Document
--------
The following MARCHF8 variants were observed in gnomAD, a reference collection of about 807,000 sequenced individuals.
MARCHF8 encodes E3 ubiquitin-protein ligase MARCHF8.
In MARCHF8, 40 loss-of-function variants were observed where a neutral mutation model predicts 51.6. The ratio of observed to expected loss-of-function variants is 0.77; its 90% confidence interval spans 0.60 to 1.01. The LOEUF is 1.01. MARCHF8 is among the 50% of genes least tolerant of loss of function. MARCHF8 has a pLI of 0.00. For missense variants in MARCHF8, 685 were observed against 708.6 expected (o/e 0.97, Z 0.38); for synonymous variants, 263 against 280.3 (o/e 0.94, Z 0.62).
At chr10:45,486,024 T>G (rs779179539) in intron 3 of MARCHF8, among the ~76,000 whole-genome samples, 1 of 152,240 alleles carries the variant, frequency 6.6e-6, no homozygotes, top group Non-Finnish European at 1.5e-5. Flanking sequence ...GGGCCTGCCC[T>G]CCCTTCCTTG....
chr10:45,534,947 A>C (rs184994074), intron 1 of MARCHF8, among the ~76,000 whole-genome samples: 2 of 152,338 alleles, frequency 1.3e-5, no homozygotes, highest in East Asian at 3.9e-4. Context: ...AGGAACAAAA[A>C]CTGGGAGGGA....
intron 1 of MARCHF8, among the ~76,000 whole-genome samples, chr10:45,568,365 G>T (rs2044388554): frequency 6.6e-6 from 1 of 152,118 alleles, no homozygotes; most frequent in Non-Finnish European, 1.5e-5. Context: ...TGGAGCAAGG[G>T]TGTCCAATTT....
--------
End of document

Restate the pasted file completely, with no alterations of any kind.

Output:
The following MARCHF8 variants were observed in gnomAD, a reference collection of about 807,000 sequenced individuals.
MARCHF8 encodes E3 ubiquitin-protein ligase MARCHF8.
In MARCHF8, 40 loss-of-function variants were observed where a neutral mutation model predicts 51.6. The ratio of observed to expected loss-of-function variants is 0.77; its 90% confidence interval spans 0.60 to 1.01. The LOEUF is 1.01. MARCHF8 is among the 50% of genes least tolerant of loss of function. MARCHF8 has a pLI of 0.00. For missense variants in MARCHF8, 685 were observed against 708.6 expected (o/e 0.97, Z 0.38); for synonymous variants, 263 against 280.3 (o/e 0.94, Z 0.62).
At chr10:45,486,024 T>G (rs779179539) in intron 3 of MARCHF8, among the ~76,000 whole-genome samples, 1 of 152,240 alleles carries the variant, frequency 6.6e-6, no homozygotes, top group Non-Finnish European at 1.5e-5. Flanking sequence ...GGGCCTGCCC[T>G]CCCTTCCTTG....
chr10:45,534,947 A>C (rs184994074), intron 1 of MARCHF8, among the ~76,000 whole-genome samples: 2 of 152,338 alleles, frequency 1.3e-5, no homozygotes, highest in East Asian at 3.9e-4. Context: ...AGGAACAAAA[A>C]CTGGGAGGGA....
intron 1 of MARCHF8, among the ~76,000 whole-genome samples, chr10:45,568,365 G>T (rs2044388554): frequency 6.6e-6 from 1 of 152,118 alleles, no homozygotes; most frequent in Non-Finnish European, 1.5e-5. Context: ...TGGAGCAAGG[G>T]TGTCCAATTT....